Woman’s leg pain was caused by TAPEWORM larvae in her spine

French woman, 35, discovers electric shock sensations in her legs were caused by TAPEWORM larvae burrowed into her spine

  • The unnamed woman, near Dijon, needed surgery to cure her parasite infection
  • Hydatid disease is caused by the larvae of tapeworms which live in dogs
  • Humans can catch the infection by ingesting parasites from dog faeces 
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A woman who went to hospital complaining of feeling weak and experiencing electric shocks in her legs was told she had tapeworm larvae in her spine.

The 35-year-old from France had been struggling to ride her horse during the past three months and had fallen over unusually often.

When doctors did an MRI scan they found she had a parasite infection on one of her vertebrae, which they say came from a tapeworm which lives in dogs and sheep.

The unnamed woman had to have surgery to remove the insect larvae from her back and was given medication to stop the infection returning.

Doctors did not say how the woman contracted the parasite, but it is transmitted through food or drinking water contaminated by dog faeces, or by direct contact with animals with worms.

She made a full recovery and showed no signs or lasting effects of the infection after nine months.

An MRI scan revealed the parasitic infection growing on the woman’s spine – shown by the arrow

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The infection caused unusual symptoms, including weakness in the French woman’s foot, which were getting worse over time.

According to the World Health Organisation, people can be infected for years before they start to show any symptoms, but the larvae do not grow into full tapeworms inside people.

Animals which usually host the tapeworms include dogs, sheep, foxes and cows. 

Doctors said the woman has a pet cat – which could have harboured the tapeworm – and also rides a horse and lives near cows.

She went to hospital in Dijon, a city about 180 miles south-east of Paris, where she was diagnosed with cystic echinococcosis, also known as hydatid disease.

A closer image of the tapeworm larvae on the woman’s vertebrae before they were removed by surgery – the infection was likely causing her symptoms by pressing on nerves

The parasites may affect a million people around the world 

Hydatid disease is thought to affect around one million people worldwide but the majority of cases affect people’s liver or lungs.  

Less commonly it can infect the nerves, bones, kidneys, spleen, muscles, and eyes, according to the WHO.


A parasite is an organism which lives inside another living organism, and depends on other creatures in order to stay alive. They often harm their host in the process.  

Many different parasites affect humans and they can transmit deadly diseases such as malaria and trichomoniasis, which can be passed on during sex.

Around three quarters of parasites are so small they’re not visible to the human eye but some, such as worms, may grow much larger.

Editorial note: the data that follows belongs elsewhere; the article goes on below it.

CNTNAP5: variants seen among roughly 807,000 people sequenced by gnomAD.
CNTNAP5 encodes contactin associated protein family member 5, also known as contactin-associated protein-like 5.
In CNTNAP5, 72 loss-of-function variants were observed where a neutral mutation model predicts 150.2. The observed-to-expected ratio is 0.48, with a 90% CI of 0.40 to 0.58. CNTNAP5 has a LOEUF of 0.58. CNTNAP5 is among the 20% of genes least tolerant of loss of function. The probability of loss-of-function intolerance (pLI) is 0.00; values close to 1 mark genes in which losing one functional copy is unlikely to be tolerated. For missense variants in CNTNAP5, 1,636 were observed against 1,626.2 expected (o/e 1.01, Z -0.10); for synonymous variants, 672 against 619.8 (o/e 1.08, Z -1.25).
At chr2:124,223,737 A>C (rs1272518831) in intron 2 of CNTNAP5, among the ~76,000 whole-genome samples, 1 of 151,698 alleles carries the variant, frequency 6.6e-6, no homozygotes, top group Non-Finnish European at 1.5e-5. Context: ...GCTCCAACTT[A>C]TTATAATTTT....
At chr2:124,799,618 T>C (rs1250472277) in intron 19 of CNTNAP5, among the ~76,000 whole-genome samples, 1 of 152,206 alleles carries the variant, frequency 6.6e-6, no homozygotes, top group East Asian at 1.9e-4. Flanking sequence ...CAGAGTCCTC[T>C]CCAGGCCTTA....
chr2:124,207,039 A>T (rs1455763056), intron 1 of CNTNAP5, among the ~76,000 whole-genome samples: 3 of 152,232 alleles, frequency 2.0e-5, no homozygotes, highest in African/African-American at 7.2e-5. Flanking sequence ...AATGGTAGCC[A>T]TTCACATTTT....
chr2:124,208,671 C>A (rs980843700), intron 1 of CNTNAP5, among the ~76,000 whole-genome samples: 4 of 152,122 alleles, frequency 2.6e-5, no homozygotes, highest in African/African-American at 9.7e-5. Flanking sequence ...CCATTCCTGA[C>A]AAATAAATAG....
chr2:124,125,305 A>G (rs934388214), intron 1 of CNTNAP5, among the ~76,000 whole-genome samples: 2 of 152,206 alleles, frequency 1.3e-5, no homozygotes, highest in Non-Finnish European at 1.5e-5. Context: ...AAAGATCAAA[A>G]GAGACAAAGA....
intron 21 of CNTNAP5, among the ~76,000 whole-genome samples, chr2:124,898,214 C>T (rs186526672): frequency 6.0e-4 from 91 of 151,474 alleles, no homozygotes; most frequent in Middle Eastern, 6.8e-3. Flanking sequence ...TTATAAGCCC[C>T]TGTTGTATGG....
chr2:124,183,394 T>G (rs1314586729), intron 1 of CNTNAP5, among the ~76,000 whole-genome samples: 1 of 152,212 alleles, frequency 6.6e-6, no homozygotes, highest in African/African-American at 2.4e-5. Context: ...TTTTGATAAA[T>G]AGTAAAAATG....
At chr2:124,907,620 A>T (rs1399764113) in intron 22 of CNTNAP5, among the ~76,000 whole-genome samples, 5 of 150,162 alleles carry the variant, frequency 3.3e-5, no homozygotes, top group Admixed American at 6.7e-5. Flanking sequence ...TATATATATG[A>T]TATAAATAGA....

Examples of parasites which may live in humans include tapeworms and roundworm, which both live in the digestive tract.

Possible symptoms of parasite infection include skin bumps or rashes, weight loss or increased appetite, abdominal pain, vomiting or diarrhoea, and fever.

Source: Medical News Today 

Symptoms depend on where the infection is but the woman was likely experiencing the feeling of electric shocks and struggling to use her legs because the parasite was pressing on nerves in her spine.

The tapeworm larvae infect people by causing cysts to grow inside the body but the worms do not actually grow in humans.

Parasite infects people through contaminated food and drink

Instead, people become infected by accident when they swallow the parasites in food or drink contaminated by dog faeces, such as fruits or vegetables picked from fields where dogs have been. 

Hydatid disease can be expensive and difficult to treat, according to the World Health Organisation.

Prevention of the infection is based on deworming dogs and sheep which are the main hosts of the worms.

Inspecting food and slaughterhouses can also reduce the spread of infection, and the WHO is considering vaccinating lambs against the parasites. 

Doctors found parasite moving under a woman’s skin

Animal parasites living in humans is not uncommon, and different organisms produce different symptoms.

The unnamed Russian woman took regular photos of herself to keep track of the lumps as they moved around her face

A 32-year-old woman in Russia visited medics after noticing strange lumps on her face for two weeks, where she discovered she had a worm living under her skin.

The unnamed woman went to an eye doctor after the bumps, which she said itched and burned, moved from her eye socket to her lip, making it swell up like a balloon.  

Doctors saw the lump was moving, the New England Journal of Medicine reported in June, and identified it as as a parasitic worm and removed it with surgery.  

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